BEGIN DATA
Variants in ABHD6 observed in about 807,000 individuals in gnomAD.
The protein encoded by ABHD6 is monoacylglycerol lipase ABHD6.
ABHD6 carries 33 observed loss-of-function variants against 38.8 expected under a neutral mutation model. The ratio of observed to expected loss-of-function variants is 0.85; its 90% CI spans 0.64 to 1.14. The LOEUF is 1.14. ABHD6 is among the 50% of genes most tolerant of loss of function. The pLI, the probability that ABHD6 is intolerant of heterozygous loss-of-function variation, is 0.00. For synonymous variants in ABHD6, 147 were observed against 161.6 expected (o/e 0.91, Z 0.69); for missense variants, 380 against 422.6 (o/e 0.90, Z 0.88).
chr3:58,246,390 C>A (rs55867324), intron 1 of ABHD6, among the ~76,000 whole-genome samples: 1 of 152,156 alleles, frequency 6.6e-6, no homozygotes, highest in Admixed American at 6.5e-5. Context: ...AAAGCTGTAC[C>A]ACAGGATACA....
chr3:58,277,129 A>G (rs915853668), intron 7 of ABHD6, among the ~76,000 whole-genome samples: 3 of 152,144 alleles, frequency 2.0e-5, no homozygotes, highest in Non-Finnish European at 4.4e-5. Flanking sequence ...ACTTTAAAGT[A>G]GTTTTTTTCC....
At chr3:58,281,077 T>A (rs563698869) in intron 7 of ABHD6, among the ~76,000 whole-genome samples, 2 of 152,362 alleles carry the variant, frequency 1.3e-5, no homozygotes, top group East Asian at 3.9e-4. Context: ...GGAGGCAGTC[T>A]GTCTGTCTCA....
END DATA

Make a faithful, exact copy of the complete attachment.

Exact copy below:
Variants in ABHD6 observed in about 807,000 individuals in gnomAD.
The protein encoded by ABHD6 is monoacylglycerol lipase ABHD6.
ABHD6 carries 33 observed loss-of-function variants against 38.8 expected under a neutral mutation model. The ratio of observed to expected loss-of-function variants is 0.85; its 90% CI spans 0.64 to 1.14. The LOEUF is 1.14. ABHD6 is among the 50% of genes most tolerant of loss of function. The pLI, the probability that ABHD6 is intolerant of heterozygous loss-of-function variation, is 0.00. For synonymous variants in ABHD6, 147 were observed against 161.6 expected (o/e 0.91, Z 0.69); for missense variants, 380 against 422.6 (o/e 0.90, Z 0.88).
chr3:58,246,390 C>A (rs55867324), intron 1 of ABHD6, among the ~76,000 whole-genome samples: 1 of 152,156 alleles, frequency 6.6e-6, no homozygotes, highest in Admixed American at 6.5e-5. Context: ...AAAGCTGTAC[C>A]ACAGGATACA....
chr3:58,277,129 A>G (rs915853668), intron 7 of ABHD6, among the ~76,000 whole-genome samples: 3 of 152,144 alleles, frequency 2.0e-5, no homozygotes, highest in Non-Finnish European at 4.4e-5. Flanking sequence ...ACTTTAAAGT[A>G]GTTTTTTTCC....
At chr3:58,281,077 T>A (rs563698869) in intron 7 of ABHD6, among the ~76,000 whole-genome samples, 2 of 152,362 alleles carry the variant, frequency 1.3e-5, no homozygotes, top group East Asian at 3.9e-4. Context: ...GGAGGCAGTC[T>A]GTCTGTCTCA....